Friday, November 30, 2012

Ski N' Swim In The Same Week Outdoors

It's pretty hard to find a region where you can reliably ski and swim in the same week. Or surf and turf, or "surf and surf" if you're a snowboarder. Southern California comes to mind. You could ski in the Sierra Nevada then end up in Malibu or the like. Or the Cascades near Portland, Oregon. New Zealand perhaps, where the mountains come right down to the ocean (but I have no specific experience).

A friend of mine Peter and I have swum this week in New England. It's an example of how one person can inspire and motivate another. I started swimming in the ocean beginning on April 16 (@ 49 degrees F.), then I swam again in late October, after enjoying my cold river and ocean swims all season. But my friend kept going.

I got an email from him the other day, describing how he ran then dived into the 46 degree waters off South Boston. So I determined that it was my turn. I went over to Plum Island in the early afternoon. The air was 43 degrees F., sunny and breezy, and the sea was well...cold.

I walked for about a mile and was completely alone on the pretty windswept beach. Small waves were rolling in on the purple Atlantic water. The sun glinted off the chop. Properly motivated, I found a sea-battered log, stripped down to my bathing suit, and placed my clothes on it in the order that I woujld put them back on, pants to shirts to coat.

I was about 40 yards from the sea, toward the dunes. Pool thermometer in hand, I sprinted down to the water up to my knees. It didn't hurt, like cold water sometimes does. I was actually surprised that the temperature was quite bearable, given that we have had nights of 20+ degrees. I took a quick reading with the thermometer and it was 47-48 F. A personal record, but only by about a degree. I would not have done any of this if my friend hadn't sent me the email first, and I was having good healthy fun.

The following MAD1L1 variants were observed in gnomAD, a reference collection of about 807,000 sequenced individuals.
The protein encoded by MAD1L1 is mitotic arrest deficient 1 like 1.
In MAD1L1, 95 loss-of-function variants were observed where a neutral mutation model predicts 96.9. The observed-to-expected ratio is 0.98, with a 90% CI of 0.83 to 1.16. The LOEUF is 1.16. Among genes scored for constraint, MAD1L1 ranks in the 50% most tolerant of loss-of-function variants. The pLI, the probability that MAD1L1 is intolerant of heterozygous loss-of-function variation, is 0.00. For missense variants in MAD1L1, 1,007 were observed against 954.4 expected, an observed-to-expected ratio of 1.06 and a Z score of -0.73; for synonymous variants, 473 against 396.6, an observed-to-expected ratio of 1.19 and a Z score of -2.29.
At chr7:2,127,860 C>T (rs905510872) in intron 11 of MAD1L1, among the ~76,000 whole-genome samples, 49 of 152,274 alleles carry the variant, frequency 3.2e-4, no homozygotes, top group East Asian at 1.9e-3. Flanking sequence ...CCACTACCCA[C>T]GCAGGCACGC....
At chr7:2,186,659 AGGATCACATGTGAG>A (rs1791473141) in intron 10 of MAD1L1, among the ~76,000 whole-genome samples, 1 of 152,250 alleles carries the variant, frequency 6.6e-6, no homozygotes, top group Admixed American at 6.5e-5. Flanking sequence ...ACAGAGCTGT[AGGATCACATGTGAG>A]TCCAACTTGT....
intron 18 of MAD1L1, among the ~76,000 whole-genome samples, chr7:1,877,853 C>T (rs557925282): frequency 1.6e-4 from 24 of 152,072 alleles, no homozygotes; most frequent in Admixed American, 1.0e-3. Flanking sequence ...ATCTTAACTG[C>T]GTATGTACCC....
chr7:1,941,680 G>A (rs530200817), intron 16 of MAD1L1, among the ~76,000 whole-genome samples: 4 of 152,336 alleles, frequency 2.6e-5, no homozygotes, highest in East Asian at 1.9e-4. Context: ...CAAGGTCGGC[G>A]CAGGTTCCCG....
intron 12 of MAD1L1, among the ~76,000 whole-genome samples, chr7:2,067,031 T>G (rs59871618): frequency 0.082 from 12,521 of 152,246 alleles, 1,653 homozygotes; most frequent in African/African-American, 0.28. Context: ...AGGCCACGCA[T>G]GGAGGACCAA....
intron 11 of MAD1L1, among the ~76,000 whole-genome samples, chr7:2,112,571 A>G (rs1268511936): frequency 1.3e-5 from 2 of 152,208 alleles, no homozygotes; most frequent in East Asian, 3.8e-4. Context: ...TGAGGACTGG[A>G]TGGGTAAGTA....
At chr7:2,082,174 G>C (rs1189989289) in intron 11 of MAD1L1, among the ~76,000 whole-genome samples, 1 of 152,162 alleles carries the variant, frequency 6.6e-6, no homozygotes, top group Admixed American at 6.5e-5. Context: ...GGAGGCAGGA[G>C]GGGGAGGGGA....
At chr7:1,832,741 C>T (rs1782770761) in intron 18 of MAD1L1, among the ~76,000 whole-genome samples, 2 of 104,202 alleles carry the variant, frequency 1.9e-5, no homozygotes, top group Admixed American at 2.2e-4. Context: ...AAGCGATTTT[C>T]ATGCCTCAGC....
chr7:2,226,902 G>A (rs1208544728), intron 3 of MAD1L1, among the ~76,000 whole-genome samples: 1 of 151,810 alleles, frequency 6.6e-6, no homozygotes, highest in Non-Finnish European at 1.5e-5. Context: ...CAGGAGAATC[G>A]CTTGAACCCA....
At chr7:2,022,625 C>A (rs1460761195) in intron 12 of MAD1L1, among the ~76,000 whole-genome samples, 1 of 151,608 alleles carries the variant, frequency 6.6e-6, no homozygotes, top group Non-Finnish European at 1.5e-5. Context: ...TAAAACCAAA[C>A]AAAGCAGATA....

I looked around for bundled up walkers, faintly embarrassed, as if someone was going to call 911 ("a person is trying to end it all..."). I was still alone. I dived in. Oddly I didn't gasp (the mammalian diving reflex). I popped up pretty quickly, with the familiar all-body numbness and bathed in beta-endorphins.

I ran back to my clothes, put them on in order, then wandered back down the sand with a kind of runner's high, ruminating over solving the problems of the world. In other words, these cold-water swims are excellent for your state of mind. I had skied in Vermont four days before, a ski/swim first for me, and I think I felt colder skiing than I did swimming.

I couldn't wait to email my friend Peter. Motivation and camaraderie.

A footnote. Walking back along the wooden walkway to my car I heard gun shots. I actually smelled cordite, a whiff of gunpowder. Men were shooting in the estuary towards the Plum Island River. Weird. Driving home, I gliding up to a traffic cop, and he said "they're allowed to bird hunt." But a stray bullet taking out a bird watcher? It didn't seem all that kosher.